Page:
Friendly sport of competitive pumpkin growing comes to Canton

Dominik Dausch
Farm Forum

CANTON — Gourds of all shapes and sizes, but mostly great and globular, rolled into Riverview Tree Farm for the Great South Dakota Pumpkin Weigh-Off on Saturday.

An Atlantic Giant and common pumpkin lay in a truck bed. Gardeners take great care to carefully transport their oversized vegetables.

Growers from the Midwest region carried their prized pumpkins by truck bed and trailer-hitch like Egyptian pharaohs riding in palanquins — the analogy works if you trade four servants for 4x4 transmission — to the competitor's staging field.

There, the varicose vegetables were weighed, measured and counted by contest organizers. Prizes were awarded to submissions with the heaviest weight and longest length, and adults and children competed in separate categories.

Lisa Schranel, a giant pumpkin grower from New London, Minn., told Farm Forum she usually spends around 40 hours a week in her pumpkin patch, where she has raised giant gourds with her partner, Jim Magnuson. She said they acquired their growing ambitions after viewing giant pumpkins at a state fair booth.

"I kind of smarted off to the lady behind the booth and said, 'I could grow one of those,' Schranel said. "[Jim] said 'you've got to prove we can do that in the spring,' so that's kind of how it started … [but] you don't really realize how much work is involved and what it all takes."

A father holds her daughter as she feels the rind of a giant pumpkin against her cheek at the Great South Dakota Pumpkin Weigh-Off on Saturday, Oct. 1, 2022. The growers contest is one of a series of harvesttime events put on by Riverview Tree Farm near Canton, South Dakota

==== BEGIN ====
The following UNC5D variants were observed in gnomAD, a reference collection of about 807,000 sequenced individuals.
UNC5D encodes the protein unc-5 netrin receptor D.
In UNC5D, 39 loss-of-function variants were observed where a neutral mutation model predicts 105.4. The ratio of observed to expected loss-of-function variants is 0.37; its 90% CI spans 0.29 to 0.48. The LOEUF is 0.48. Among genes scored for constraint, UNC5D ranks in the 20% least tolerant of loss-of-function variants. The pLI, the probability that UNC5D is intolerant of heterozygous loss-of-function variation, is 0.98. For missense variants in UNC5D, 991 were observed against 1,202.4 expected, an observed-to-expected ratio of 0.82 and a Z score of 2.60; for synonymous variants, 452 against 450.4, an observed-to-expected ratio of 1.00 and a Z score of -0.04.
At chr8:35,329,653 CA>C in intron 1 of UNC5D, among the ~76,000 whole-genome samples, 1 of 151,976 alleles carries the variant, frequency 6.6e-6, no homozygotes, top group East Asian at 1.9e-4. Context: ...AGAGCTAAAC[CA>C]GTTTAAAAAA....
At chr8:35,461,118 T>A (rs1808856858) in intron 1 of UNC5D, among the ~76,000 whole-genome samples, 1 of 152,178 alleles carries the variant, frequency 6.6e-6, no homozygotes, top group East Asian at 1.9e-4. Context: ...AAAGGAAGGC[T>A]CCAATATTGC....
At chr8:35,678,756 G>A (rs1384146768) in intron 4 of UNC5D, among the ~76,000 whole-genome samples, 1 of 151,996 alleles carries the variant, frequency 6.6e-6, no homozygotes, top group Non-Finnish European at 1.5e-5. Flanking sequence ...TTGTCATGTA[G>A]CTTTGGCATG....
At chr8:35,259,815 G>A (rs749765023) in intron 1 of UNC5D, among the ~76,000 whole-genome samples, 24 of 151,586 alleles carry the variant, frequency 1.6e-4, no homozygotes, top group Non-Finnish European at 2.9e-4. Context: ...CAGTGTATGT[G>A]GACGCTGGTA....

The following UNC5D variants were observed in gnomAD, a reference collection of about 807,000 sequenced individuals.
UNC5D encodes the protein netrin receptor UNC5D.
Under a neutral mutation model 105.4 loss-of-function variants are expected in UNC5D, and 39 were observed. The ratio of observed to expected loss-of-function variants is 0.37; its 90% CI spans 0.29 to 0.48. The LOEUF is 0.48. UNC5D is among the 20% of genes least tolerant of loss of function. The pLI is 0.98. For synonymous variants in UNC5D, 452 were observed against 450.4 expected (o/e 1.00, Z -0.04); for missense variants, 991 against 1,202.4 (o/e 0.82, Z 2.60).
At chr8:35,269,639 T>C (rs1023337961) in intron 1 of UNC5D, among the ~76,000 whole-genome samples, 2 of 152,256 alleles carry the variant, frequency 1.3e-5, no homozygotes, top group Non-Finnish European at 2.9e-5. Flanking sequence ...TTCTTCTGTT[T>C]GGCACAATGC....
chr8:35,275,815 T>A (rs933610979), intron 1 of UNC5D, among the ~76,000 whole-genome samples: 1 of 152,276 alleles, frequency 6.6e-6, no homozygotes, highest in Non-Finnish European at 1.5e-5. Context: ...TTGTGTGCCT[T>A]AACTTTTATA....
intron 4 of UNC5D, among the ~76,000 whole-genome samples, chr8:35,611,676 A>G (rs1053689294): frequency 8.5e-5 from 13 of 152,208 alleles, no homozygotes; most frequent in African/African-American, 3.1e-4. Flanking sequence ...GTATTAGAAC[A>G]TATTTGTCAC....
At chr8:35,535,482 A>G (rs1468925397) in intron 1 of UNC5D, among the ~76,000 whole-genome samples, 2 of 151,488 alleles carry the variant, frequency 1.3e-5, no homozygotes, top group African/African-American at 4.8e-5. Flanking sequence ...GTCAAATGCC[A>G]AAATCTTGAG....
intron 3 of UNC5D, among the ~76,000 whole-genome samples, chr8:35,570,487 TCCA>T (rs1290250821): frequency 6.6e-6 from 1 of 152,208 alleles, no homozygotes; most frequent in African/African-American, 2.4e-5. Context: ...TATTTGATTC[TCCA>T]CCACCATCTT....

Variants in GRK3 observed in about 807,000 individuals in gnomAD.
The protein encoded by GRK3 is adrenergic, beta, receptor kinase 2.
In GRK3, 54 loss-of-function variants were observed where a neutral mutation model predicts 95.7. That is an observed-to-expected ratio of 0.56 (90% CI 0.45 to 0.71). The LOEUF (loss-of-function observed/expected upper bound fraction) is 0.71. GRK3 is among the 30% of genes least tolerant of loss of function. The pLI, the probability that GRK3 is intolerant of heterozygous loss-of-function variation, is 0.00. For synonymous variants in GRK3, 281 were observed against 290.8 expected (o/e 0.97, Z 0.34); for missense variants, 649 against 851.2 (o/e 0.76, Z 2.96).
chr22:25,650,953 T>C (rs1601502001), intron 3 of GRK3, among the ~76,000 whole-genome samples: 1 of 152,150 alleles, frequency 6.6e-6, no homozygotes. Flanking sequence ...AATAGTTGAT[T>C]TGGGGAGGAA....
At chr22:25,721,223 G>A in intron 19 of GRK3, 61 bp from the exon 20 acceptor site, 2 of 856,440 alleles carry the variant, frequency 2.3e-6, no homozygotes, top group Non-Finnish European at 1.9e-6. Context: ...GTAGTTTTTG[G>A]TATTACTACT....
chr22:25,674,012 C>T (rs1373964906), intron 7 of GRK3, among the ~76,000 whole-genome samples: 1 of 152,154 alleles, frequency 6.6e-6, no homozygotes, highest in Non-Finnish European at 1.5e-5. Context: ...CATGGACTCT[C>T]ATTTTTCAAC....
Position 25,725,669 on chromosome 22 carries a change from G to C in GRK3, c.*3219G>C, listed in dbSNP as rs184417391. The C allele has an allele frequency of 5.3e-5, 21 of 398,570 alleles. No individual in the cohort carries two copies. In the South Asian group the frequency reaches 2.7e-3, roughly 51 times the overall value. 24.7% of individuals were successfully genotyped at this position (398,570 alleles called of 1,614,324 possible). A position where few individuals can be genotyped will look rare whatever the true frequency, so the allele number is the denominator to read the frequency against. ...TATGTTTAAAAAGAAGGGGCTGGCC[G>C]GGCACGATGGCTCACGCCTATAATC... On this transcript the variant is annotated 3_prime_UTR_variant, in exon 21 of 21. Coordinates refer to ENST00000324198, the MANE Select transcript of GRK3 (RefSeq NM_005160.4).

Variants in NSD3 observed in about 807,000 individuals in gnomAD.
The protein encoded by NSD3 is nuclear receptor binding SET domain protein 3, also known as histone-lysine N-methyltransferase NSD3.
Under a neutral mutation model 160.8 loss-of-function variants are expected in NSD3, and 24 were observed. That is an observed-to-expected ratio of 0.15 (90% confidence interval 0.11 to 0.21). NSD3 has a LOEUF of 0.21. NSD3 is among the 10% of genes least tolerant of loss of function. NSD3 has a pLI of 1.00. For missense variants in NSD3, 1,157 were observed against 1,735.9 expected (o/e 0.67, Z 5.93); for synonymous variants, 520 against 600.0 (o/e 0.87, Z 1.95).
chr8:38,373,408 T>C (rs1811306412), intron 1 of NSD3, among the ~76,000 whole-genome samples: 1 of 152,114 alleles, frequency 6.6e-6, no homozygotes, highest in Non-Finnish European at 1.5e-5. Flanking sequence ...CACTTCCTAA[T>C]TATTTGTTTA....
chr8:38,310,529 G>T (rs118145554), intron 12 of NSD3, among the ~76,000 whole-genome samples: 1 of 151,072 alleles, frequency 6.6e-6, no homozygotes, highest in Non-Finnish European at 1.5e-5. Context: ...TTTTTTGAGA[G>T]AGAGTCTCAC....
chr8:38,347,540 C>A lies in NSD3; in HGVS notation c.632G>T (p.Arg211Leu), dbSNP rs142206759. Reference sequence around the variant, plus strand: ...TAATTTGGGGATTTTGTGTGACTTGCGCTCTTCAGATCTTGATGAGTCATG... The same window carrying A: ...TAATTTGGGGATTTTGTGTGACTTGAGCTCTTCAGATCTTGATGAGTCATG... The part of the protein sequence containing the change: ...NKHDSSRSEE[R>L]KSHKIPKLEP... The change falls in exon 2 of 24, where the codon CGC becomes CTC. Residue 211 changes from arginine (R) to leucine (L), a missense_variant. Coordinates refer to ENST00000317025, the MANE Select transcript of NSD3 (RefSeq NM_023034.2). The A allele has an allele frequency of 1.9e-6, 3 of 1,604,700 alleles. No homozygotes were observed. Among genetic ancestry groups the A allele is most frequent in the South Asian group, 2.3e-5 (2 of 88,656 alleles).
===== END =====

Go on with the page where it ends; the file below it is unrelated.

Tamara Ziems, a grower from Ewing, Nebraska, took fourth place with their 284-pound giant pumpkin. She said pumpkin growing is a friendly sport and the sense of community is just as strong as the sense of competition.

Schranel said kids get the biggest kick out of seeing the giant pumpkins and usually bring a seemingly endless list of questions.

"You can give it a hug," Schranel said to a young girl who approached her 716-pound pumpkin during an interview. "There's always pumpkin love."

She added giant pumpkins are part of what she called "extreme gardening," and the Great Pumpkin Commonwealth, an international organization of competitive gardeners, has regulations for growing oversized vegetables and tips for aspiring extreme gardeners.

"If you talked to growers, they're more than happy, usually, to help you out and get started and share their seeds for you," Schranel said.

Cade, Claire and Kate Kroger of Harrisburg, South Dakota took second place in the youth category for their 196-pound pumpkin.

Pumpkin Weigh-Off results

  • Youth
    • 1st: Scarlett B., 207 pounds
    • 2nd: Cade, Kate and Claire Kroger, 196 pounds
    • 3rd: William D., 127 pounds
Ryan Althoff, a giant pumpkin grower from Watertown, South Dakota, took home first place in the adult category for his 856-pound pumpkin.
  • Adults
    • 1st: Ryan Althoff of Watertown, South Dakota, 856 pounds
    • 2nd: Jim Magnuson and Lisa Schranel of New London, Minnesota, 716 pounds
    • 3rd: Lance Johnson of Plankinton, South Dakota, 428 pounds
    • 4th: Larry and Tamara Ziems of Ewing, Nebraska, 284 pounds
    • 5th: Cody Bents of Mitchell, South Dakota, 221 pounds
    • 6th: Delores Bents of Mitchell, South Dakota, 153 pounds
  • Special Categories:
    • Field Pumpkin: Larry and Tamara Ziems, 42 pounds
    • Longest Gourd: Lance Johnson, 86 inches